Jeff Bezos is stepping down as Amazon CEO

Jeff Bezos, 57, writes letter to his 1.3m Amazon employees insisting he isn’t retiring and wants to focus on ‘passions’ including space and climate change as he steps down as CEO and hands reins to Andy Jassy

  • Bezos told staff he will become Executive Chair in the third quarter of this year 
  • Bezos announced the change in an email to staff on Tuesday afternoon and as the company reported bumper 2020 Q4 earnings of more than $100billion 
  • He said he wasn’t retiring but will ‘focus on the Day 1 Fund, the Bezos Earth Fund, Blue Origin, The Washington Post, and my other passions’ 
  • Throughout the whole of 2020, Amazon shares went up by 85%   
  • He founded Amazon with his ex-wife MacKenzie Bezos in 1994 on a road trip
  • The company is now worth $1.7trillion and Bezos is the richest man in the world 
  • Andy Jassy, current CEO of Amazon Web Services, will replace Bezos
  • Jassy, 53, was recently described by staff as a ‘shark’ who can ‘smell blood’ 
  • It was his decision to end AWS’ business with Parler, the unregulated social media site, after the January 6 Capitol riot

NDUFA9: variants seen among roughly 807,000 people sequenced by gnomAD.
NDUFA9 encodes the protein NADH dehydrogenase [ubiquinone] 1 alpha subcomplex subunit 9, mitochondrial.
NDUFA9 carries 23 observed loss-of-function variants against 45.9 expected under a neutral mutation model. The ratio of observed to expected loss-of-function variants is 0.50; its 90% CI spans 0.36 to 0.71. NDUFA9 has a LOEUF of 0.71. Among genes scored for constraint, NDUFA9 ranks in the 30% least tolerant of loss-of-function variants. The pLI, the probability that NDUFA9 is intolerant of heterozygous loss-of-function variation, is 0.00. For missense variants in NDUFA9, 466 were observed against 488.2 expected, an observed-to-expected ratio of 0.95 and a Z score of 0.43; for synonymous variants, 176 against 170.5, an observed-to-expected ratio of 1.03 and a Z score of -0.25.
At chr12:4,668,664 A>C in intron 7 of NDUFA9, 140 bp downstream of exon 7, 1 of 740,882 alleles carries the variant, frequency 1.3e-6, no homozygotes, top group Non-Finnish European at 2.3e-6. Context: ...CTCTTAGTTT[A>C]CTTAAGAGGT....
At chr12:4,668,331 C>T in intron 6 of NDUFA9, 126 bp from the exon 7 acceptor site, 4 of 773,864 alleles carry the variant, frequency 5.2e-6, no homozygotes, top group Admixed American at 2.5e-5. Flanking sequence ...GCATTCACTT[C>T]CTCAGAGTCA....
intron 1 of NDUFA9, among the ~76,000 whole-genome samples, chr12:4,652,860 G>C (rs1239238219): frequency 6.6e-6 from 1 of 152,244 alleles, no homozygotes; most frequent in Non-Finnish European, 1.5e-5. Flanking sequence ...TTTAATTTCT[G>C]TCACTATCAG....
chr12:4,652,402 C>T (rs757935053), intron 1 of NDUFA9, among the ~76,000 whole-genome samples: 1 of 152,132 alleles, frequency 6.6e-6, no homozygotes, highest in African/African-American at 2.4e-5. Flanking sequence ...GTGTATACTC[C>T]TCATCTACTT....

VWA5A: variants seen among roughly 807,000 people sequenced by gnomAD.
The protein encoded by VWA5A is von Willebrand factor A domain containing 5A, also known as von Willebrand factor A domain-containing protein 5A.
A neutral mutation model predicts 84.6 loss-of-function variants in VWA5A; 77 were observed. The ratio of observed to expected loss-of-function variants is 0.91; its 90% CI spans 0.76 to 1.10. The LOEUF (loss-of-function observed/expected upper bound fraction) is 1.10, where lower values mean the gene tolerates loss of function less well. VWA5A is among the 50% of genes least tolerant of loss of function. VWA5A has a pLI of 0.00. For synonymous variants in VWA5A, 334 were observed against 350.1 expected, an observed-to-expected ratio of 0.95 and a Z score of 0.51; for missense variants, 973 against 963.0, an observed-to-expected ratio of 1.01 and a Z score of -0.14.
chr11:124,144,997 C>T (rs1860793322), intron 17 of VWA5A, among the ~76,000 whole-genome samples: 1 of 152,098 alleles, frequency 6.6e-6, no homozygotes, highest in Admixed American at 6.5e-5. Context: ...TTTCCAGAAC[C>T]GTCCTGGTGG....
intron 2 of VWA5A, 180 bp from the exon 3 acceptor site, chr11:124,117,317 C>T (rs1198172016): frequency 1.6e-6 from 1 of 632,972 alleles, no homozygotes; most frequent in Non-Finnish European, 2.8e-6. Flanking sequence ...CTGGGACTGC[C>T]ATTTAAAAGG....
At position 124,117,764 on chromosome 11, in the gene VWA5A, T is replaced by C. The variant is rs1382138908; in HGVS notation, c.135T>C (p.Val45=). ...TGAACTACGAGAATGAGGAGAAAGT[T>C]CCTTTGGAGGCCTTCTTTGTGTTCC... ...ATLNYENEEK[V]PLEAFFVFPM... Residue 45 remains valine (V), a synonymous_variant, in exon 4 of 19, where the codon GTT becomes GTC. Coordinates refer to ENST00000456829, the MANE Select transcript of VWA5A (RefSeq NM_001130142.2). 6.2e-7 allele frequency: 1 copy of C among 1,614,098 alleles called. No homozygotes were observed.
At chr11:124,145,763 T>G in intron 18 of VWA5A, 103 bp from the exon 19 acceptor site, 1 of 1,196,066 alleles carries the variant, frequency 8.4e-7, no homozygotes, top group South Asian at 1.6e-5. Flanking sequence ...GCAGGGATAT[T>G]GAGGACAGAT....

• Bezos didn’t explain the timing for the announcement but it comes as he faces increased scrutiny from Washington over Amazon’s business practices
  • Amazon has been plagued by antitrust investigations, calls for stricter sanctions and cutting questions over its treatment of workers amid the pandemic 

Jeff Bezos is stepping down as the CEO of Amazon, 27 years after founding it with his ex-wife and building it into one of the most successful companies of all time now worth $1.7 trillion.

Bezos, 57, announced the move in a letter to his 1.3 million Amazon employees Tuesday where he insisted he isn’t retiring but wants to focus on his ‘passions’ including his space and climate change ventures.  

He will be replaced by 53-year-old Andy Jassy, the current CEO of the Amazon empire cloud business Amazon Web Services (AWS) and the man behind the move to cancel Parler back in January.